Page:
OASC Ireland: Working together on intelligent transport systems

Lea Hemetsberger

Jun 4, 2018

Category

Ireland | Press Release

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The Irish OASC cities Cork, Dublin, Galway, and Limerick have been working together for the last two years to establish a common ground among the cities’ smart initiatives.

One of the most tangible results of the collaboration is the so-called adaptive smart traffic system that aims at alleviating traffic and at the same time reducing noise and air pollution by use of IoT-enabled smart city technology. This project has been recently awarded with the Smart 50 Award in the category energy and has been established on commonly defined demands in the four cities.

The four cities are forming OASC Ireland, a joint effort that drives the exchange of best practices and collaboration both in terms of technology deployment to solve challenges within the city, but also to improve policy and e-government activities.

Cork, Dublin, Galway, and Limerick have been working collaboratively with a number of public institutions and industry partners on solutions based on Internet of Things (IoT) for cities, from the early planning phase of the project to the analysis of the data collected.

Dr Martin Serrano, IoT Unit Director at Insight and OASC Ireland coordinator, said: “This project has motivated the Irish OASC cities – Cork, Dublin, Galway and Limerick – to join forces for the first time across the cities’ administrative and technical offices. It also raised awareness of how IoT technologies can help solve challenges in the city.”

VITAL IoT as enabler for open and interoperable city platforms in Ireland

The adaptive smart traffic system deployed in the four Irish cities is based on data gathered by IoT-enabled sensors. These sensors are monitoring air quality, noise and light pollution in the cities. Using so-called semantic analysis, the cities receive valuable information about the level of pollution and are then able to act and improve traffic conditions. Lowering pollution levels and alleviating traffic at the same time improves life for citizens in the four participating cities – the main goal of the project.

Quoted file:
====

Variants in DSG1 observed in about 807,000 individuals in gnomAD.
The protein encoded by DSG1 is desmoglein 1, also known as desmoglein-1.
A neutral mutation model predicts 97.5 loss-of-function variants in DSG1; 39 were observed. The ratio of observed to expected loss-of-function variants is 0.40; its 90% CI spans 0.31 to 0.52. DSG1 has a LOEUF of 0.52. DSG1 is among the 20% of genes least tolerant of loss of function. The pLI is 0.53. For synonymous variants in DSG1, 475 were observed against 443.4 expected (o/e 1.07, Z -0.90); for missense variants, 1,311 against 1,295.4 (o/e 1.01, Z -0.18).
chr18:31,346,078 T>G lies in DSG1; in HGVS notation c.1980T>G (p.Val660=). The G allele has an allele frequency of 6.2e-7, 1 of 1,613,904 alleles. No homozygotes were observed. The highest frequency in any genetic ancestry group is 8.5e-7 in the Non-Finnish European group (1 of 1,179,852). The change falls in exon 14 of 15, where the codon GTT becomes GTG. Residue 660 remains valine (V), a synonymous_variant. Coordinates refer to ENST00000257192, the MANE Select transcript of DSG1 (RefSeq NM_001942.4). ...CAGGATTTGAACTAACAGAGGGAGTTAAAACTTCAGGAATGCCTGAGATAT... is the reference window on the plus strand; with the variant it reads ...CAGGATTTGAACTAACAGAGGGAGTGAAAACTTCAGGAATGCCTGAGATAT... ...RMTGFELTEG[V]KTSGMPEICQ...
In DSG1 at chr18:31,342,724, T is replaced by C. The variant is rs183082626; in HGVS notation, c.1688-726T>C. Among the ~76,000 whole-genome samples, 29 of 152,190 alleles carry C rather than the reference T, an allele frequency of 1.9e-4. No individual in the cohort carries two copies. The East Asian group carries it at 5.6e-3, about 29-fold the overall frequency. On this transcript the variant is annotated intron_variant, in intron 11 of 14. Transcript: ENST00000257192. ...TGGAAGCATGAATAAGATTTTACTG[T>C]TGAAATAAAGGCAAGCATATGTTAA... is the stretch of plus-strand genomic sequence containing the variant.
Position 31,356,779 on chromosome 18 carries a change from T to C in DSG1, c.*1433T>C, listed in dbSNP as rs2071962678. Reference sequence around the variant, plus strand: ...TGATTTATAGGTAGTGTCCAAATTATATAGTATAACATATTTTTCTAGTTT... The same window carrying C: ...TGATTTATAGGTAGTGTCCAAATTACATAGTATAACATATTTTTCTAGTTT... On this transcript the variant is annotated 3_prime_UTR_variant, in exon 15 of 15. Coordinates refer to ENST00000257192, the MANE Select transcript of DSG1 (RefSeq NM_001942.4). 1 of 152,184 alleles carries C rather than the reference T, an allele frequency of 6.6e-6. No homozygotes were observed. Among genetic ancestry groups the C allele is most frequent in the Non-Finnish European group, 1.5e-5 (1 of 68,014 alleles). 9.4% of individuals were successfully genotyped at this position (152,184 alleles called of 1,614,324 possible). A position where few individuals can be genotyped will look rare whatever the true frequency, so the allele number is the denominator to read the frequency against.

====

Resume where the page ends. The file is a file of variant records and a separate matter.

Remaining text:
The solution is based on semantic technologies and technology developed as part of the VITAL IoT project co-funded by the European Union. The aim of VITAL IoT is to adapt IoT platforms in the form of interoperable assets for each city.

Dr Martin Serrano added: “I am happy to see that after some years of hard work the excellent work of the cities and the Vital-IoT team is rewarded. This demonstrates that a system developed in collaboration provides solid results, on which we can further build on. ”

VITAL-OS, the smart city platform that emerged from the VITAL IoT project, is an example of a software platform based on IoT technology to connect different systems in the city – open and interoperable.

Note to the editors:

The Irish cities Cork, Dublin, Galway, and Limerick joined the Open & Agile Smart Cities initiative already in 2015. While Cork, Dublin, and Galway became part of OASC with the 2nd wave, which was launched on 12 June 2015, Limerick followed the lead of the three other Irish cities by joining OASC with the 3rd wave at Smart City Expo World Congress 2015 in Barcelona.

The Smart 50 Awards, in partnership with Smart Cities Connect, Smart Cities Connect Foundation, and US Ignite, annually recognise global smart cities projects, honoring the most innovative and influential work. In 2018, primary categories included governance, mobility, energy, citizen life, and networks. The project of OASC Ireland has been chosen as one if the winners in the category energy from more than 600 smart city project submissions. You can find more details on the Smart Cities Connect website

If you are interested to learn more about the adaptive smart traffic system in Ireland, please contact Dr Martin Serrano.

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